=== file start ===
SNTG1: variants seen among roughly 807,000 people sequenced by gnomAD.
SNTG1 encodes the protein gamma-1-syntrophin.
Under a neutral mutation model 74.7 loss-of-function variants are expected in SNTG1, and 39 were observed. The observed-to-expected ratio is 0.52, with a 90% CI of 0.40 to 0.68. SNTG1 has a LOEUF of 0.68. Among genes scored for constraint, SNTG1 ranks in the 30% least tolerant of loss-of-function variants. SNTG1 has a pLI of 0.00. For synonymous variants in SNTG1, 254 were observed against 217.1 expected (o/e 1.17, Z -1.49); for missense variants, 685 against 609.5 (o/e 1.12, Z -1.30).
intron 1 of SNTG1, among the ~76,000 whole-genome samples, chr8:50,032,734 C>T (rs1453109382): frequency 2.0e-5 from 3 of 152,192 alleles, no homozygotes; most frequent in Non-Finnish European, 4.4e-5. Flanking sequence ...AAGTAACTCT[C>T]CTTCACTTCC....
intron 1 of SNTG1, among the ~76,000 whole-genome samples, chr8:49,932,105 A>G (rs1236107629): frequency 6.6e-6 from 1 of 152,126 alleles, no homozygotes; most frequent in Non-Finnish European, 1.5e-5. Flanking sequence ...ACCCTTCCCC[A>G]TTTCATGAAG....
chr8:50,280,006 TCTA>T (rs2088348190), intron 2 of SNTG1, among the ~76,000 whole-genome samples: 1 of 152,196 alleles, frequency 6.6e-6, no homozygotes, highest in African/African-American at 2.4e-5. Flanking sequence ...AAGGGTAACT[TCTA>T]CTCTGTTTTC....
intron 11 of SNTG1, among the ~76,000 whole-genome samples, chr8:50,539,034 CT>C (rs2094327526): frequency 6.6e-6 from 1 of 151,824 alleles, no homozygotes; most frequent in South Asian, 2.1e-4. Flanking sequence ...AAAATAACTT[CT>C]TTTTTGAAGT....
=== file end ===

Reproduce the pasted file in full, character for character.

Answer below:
SNTG1: variants seen among roughly 807,000 people sequenced by gnomAD.
SNTG1 encodes the protein gamma-1-syntrophin.
Under a neutral mutation model 74.7 loss-of-function variants are expected in SNTG1, and 39 were observed. The observed-to-expected ratio is 0.52, with a 90% CI of 0.40 to 0.68. SNTG1 has a LOEUF of 0.68. Among genes scored for constraint, SNTG1 ranks in the 30% least tolerant of loss-of-function variants. SNTG1 has a pLI of 0.00. For synonymous variants in SNTG1, 254 were observed against 217.1 expected (o/e 1.17, Z -1.49); for missense variants, 685 against 609.5 (o/e 1.12, Z -1.30).
intron 1 of SNTG1, among the ~76,000 whole-genome samples, chr8:50,032,734 C>T (rs1453109382): frequency 2.0e-5 from 3 of 152,192 alleles, no homozygotes; most frequent in Non-Finnish European, 4.4e-5. Flanking sequence ...AAGTAACTCT[C>T]CTTCACTTCC....
intron 1 of SNTG1, among the ~76,000 whole-genome samples, chr8:49,932,105 A>G (rs1236107629): frequency 6.6e-6 from 1 of 152,126 alleles, no homozygotes; most frequent in Non-Finnish European, 1.5e-5. Flanking sequence ...ACCCTTCCCC[A>G]TTTCATGAAG....
chr8:50,280,006 TCTA>T (rs2088348190), intron 2 of SNTG1, among the ~76,000 whole-genome samples: 1 of 152,196 alleles, frequency 6.6e-6, no homozygotes, highest in African/African-American at 2.4e-5. Flanking sequence ...AAGGGTAACT[TCTA>T]CTCTGTTTTC....
intron 11 of SNTG1, among the ~76,000 whole-genome samples, chr8:50,539,034 CT>C (rs2094327526): frequency 6.6e-6 from 1 of 151,824 alleles, no homozygotes; most frequent in South Asian, 2.1e-4. Flanking sequence ...AAAATAACTT[CT>C]TTTTTGAAGT....